- Deyrup M., L. Deyrup, and J. Carrel. 2013. Ant Species in the Diet of a Florida Population of Eastern Narrow-Mouthed Toads, Gastrophryne carolinensis. Southeastern Naturalist 12(2): 367-378.
- Deyrup, M. and J. Trager. 1986. Ants of the Archbold Biological Station, Highlands County, Florida (Hymenoptera: Formicidae). Florida Entomologist 69(1):206-228
- Forel A. 1901. Variétés myrmécologiques. Annales de la Société Entomologique de Belgique 45: 334-382.
- Forster J.A. 2005. The Ants (hymenoptera: Formicidae) of Alabama. Master of Science, Auburn University. 242 pages.
- General D.M. & Thompson L.C. 2008. New Distributional Records of Ants in Arkansas for 2008. Journal of the Arkansas Academy of Science. 63: 182-184
- Ipser R. M. 2004. Native and exotic ants (Hymenoptera: Formicidae) of Georgia: Ecological Relationships with implications for development of biologically-based management strategies. Doctor of Philosophy thesis, University of Georgia. 165 pages.
- Johnson C. 1986. A north Florida ant fauna (Hymenoptera: Formicidae). Insecta Mundi 1: 243-246
- MacGown J. A. 2015. Report on the ants collected on Spring Island, Beaufort County, South Carolina. A report submitted to Spring Island Nature Preserve, May 2015. Mississippi Entomological Museum Report #2015-01. 8 pp
- MacGown J. A., J. G. Hill, and M. Deyrup. 2009. Ants (Hymenoptera: Formicidae) of the Little Ohoopee River Dunes, Emanuel County, Georgia. J. Entomol. Sci. 44(3): 193-197.
- MacGown, J.A and J.A. Forster. 2005. A preliminary list of the ants (Hymenoptera: Formicidae) of Alabama, U.S.A. Entomological News 116(2):61-74
- MacKay W. P., and S. B. Vinson. 1989. Two new ants of the genus Solenopsis (Diplorhoptrum) from eastern Texas (Hymenoptera: Formicidae). Proceedings of the Entomological Society of Washington 91: 175-178.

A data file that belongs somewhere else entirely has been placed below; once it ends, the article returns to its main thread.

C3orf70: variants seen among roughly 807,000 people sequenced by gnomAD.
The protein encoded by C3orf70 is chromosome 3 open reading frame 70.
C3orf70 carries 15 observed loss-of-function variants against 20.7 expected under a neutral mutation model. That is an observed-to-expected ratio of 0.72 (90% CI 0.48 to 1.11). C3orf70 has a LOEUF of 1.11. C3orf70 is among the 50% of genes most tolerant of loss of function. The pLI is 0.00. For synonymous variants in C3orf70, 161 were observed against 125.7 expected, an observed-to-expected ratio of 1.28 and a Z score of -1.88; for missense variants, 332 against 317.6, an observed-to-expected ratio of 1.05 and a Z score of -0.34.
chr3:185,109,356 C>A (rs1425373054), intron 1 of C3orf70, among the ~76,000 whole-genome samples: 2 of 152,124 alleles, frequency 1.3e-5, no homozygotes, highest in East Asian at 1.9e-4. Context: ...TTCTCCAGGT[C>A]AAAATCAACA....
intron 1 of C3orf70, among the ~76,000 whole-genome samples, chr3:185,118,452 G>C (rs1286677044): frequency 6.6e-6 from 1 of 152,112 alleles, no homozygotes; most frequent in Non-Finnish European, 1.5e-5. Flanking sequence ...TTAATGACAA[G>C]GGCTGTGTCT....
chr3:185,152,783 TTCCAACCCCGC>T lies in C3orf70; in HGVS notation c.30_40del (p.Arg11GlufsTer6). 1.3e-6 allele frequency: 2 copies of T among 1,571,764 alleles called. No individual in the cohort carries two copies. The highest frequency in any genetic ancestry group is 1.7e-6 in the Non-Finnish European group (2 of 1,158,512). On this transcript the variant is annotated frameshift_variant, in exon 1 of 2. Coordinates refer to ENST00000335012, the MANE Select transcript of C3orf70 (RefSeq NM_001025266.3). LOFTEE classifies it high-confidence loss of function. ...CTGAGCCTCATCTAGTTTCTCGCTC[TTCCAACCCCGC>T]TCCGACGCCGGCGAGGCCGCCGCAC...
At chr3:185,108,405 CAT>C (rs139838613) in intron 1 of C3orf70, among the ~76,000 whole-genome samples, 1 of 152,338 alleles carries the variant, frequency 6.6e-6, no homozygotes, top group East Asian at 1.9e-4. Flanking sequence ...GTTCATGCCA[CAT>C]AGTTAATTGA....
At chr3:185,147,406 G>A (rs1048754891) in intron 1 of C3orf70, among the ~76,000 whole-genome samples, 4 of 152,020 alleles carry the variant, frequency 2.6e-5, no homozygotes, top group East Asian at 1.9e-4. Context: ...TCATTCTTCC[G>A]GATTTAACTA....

- Mackay W. P., and E. E. Mackay. 2002. The ants of New Mexico (Hymenoptera: Formicidae). Lewiston, New York: Edwin Mellen Press, 400 pp.
- Mackay, W.P. and E. Mackay. XXXX. The Ants of New Mexico
- Moreau C. S., M. A. Deyrup, and L. R. David Jr. 2014. Ants of the Florida Keys: Species Accounts, Biogeography, and Conservation (Hymenoptera: Formicidae). J. Insect Sci. 14(295): DOI: 10.1093/jisesa/ieu157
- O'Keefe S. T., J. L. Cook, T. Dudek, D. F. Wunneburger, M. D. Guzman, R. N. Coulson, and S. B. Vinson. 2000. The Distribution of Texas Ants. The Southwestern Entomologist 22: 1-92.
- Oyama L., J. R. King, and D. G. Jenkins. 2018. Diversity and distribution of Solenopsis (Hymenoptera: Formicidae) thief ants belowground. Myrmecological News 27: 47-57.
- Pacheco J. A., and W. P. Mackay. 2013. The systematics and biology of the New World thief ants of the genus Solenopsis (Hymenoptera: Formicidae). Lewiston, New York: Edwin Mellen Press, 501 pp.
- Smith, M. R. 1944. Additional ants recorded from Florida, with descriptions of two new subspecies. Florida Entomologist 27: 14-17.
- Trager, J. and C.Johnson. 1985. A slave-making ant in Florida: Polyergus lucidus with observations on the natural history of its host Formica archboldi (Hymenoptera: Formicidae). The Florida Entomologist 68(2):261-266.
- Tschinkel W. R.,T. Murdock, J. R. King and C. Kwapich. 2012. Ant distribution in relation to ground water in north Florida pine flatwoods. Journal of Insect Science 12: 114
- Van Pelt A. F. 1948. A Preliminary Key to the Worker Ants of Alachua County, Florida. The Florida Entomologist 30(4): 57-67
- Van Pelt A., and J. B. Gentry. 1985. The ants (Hymenoptera: Formicidae) of the Savannah River Plant, South Carolina. Dept. Energy, Savannah River Ecology Lab., Aiken, SC., Report SRO-NERP-14, 56 p.
- Wheeler W. M. 1904. The ants of North Carolina. Bulletin of the American Museum of Natural History. 20: 299-306.
- Whitcomb W. H., H. A. Denmark, A. P. Bhatkar, and G. L. Greene. 1972. Preliminary studies on the ants of Florida soybean fields. Florida Entomologist 55: 129-142.
- Wilson E. O., and A. Francoeur. 1974. Ants of the Formica fusca group in Florida. Florida Entomologist 57: 115-116.